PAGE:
The first few notes of a song from Miss Saigon began to play, and audience members erupted in applause. However, it was not one of the songs most of the assembled crowd were probably expecting. I know I certainly wasn’t. Lea Salonga delivered a passionate and soulful rendition of “Why God Why?” from the blockbuster musical. For those less familiar with the show, the reason that struck me as odd is that it’s a solo by the character of Chris, an American soldier, singing about the conflicted feelings he now has after spending a night with young Vietnamese prostitute Kim—the part that Salonga originated to great acclaim (including both Olivier and Tony Awards) during the musical’s premiere production.
Salonga sang the number as part of a one-night concert event at Artis-Naples, in Naples, Florida. I took my mother to see the show. Also my aunt, who is visiting from the Philippines. We were far from the only Filipinos in the audience, and I found it a bit amusing that several of the (white) patrons around me were actively commenting on that fact. But Salonga is Filipino royalty, a success story that infuses Filipinos far and wide with pride. She’s also currently one of the coaches on the version of The Voice that is produced in the Philippines, and which my mom watches on TFC (The Filipino Channel). During the car ride over, my mom filled me in on some of the young singers who have been a part of “Team Lea.”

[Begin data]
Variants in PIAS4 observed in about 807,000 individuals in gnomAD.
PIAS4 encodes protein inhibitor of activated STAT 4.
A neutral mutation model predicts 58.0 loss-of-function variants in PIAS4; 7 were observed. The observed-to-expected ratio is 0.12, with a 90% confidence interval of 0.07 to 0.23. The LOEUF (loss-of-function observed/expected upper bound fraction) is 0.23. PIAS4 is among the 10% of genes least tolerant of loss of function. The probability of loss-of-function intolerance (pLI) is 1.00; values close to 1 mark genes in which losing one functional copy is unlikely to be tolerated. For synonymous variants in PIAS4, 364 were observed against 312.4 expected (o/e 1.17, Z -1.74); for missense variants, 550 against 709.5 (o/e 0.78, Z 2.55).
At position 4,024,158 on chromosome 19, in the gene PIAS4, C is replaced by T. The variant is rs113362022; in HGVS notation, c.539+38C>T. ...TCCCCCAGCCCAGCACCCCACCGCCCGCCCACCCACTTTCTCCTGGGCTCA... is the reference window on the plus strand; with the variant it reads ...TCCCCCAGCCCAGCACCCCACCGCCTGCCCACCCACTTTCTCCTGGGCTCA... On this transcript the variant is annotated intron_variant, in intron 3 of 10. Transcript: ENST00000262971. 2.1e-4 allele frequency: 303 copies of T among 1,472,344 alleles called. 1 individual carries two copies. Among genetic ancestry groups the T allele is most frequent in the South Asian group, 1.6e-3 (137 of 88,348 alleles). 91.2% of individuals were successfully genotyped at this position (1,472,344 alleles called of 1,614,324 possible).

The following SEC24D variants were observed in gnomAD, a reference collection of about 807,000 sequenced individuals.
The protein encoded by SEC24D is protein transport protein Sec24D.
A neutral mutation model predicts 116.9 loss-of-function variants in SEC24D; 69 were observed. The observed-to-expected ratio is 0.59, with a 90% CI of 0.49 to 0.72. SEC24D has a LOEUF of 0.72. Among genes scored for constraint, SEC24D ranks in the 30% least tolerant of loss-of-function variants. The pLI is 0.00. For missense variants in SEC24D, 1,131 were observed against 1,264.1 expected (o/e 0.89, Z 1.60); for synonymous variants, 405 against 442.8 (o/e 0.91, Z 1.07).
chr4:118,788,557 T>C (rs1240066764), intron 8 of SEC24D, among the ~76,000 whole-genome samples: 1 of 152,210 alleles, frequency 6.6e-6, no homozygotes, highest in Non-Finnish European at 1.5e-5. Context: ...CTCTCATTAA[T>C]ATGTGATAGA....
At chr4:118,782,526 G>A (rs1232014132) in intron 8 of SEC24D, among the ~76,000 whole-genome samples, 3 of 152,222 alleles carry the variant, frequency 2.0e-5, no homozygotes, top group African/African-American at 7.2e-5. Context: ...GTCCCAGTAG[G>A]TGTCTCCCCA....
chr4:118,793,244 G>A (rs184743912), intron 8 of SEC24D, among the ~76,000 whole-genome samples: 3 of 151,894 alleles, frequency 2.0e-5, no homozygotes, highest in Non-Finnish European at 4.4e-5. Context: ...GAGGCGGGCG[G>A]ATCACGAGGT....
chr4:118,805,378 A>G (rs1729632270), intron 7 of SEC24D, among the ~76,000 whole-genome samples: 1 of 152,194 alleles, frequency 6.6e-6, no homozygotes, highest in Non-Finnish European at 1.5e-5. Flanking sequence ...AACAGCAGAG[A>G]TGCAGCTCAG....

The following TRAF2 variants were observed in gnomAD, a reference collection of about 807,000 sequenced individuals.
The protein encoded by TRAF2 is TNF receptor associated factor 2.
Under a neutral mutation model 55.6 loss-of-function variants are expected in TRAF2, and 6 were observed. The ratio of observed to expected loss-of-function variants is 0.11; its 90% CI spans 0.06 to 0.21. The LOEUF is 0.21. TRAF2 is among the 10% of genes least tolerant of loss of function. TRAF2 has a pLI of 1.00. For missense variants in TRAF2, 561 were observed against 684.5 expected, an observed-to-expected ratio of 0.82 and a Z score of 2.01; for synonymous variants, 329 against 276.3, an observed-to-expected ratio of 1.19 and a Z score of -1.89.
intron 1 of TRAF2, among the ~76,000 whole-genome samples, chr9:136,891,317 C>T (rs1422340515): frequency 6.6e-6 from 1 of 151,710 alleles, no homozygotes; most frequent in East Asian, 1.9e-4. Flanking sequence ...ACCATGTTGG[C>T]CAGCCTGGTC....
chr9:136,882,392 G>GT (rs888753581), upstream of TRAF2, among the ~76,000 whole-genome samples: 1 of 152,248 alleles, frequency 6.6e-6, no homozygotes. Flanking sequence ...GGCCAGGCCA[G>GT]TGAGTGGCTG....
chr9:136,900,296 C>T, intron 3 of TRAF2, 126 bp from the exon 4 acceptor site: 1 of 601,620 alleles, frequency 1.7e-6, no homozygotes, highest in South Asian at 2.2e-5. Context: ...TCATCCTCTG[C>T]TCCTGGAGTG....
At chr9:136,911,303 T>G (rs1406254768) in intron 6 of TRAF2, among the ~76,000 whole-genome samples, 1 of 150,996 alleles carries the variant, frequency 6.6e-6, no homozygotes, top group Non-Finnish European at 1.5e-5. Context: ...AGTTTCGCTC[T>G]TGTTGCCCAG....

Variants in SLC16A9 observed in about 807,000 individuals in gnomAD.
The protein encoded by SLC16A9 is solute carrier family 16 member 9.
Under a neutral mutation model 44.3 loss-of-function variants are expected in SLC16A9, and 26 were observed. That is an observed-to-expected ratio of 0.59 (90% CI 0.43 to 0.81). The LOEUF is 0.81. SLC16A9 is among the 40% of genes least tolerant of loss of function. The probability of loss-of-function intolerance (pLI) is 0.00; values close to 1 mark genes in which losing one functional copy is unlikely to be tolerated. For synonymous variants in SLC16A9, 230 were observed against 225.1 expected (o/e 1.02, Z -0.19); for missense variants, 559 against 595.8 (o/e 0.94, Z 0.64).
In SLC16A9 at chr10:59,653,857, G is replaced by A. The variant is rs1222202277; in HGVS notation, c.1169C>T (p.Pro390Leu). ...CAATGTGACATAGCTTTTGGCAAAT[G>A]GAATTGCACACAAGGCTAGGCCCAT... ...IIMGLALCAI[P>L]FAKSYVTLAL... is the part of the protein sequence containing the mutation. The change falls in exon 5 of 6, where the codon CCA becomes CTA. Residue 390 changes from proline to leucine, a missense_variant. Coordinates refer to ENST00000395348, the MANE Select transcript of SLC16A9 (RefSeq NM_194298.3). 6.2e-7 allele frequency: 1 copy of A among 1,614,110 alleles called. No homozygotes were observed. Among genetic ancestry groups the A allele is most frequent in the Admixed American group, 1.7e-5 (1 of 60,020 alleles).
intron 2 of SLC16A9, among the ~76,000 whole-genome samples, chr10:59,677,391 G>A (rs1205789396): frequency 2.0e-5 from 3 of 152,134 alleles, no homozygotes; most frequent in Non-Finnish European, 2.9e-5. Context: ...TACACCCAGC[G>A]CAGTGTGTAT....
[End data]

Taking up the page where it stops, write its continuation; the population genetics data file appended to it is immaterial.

“Why God Why?” happens to be one of my favorite songs from Miss Saigon. I enjoy singing it at late-night karaoke parties, particularly if I’m hanging out with Asian American friends. The soaring melody and overwrought emotions are a delight to dig into, and I loved hearing Salonga do just that in her concert. I know that she would never publicly (or probably privately) say anything negative about Miss Saigon, as she owes her international career to the musical. Nevertheless, I found the number slyly subversive. Seeing the woman who once played Kim crossing race and gender lines to embody the white American G.I. lusting after the sleeping Vietnamese girl he’s just deflowered caused my brain to explode a little bit as I tried to sort out the issues of representation, appropriation, and international politics being invoked.
As you might have guessed, I have a complicated relationship to Miss Saigon. The first time I saw the musical was with my mother and father in London in the early 1990s. Salonga had left the show by then, but we watched another talented Filipina actress play the role of Kim and we all left singing the musical’s praises. I was happy that my parents were sharing in my love of musical theatre, and they couldn’t stop talking about the fact that it was a Filipina who was playing the lead. It wasn’t until years later, when I read Martin F. Manalansan IV’s article “Searching for Community,” which references gay Filipino identification with the show (printed in Asian American Studies Now: A Critical Reader), that I realized that my ethnic identity was coloring my critical faculties in regards to this musical.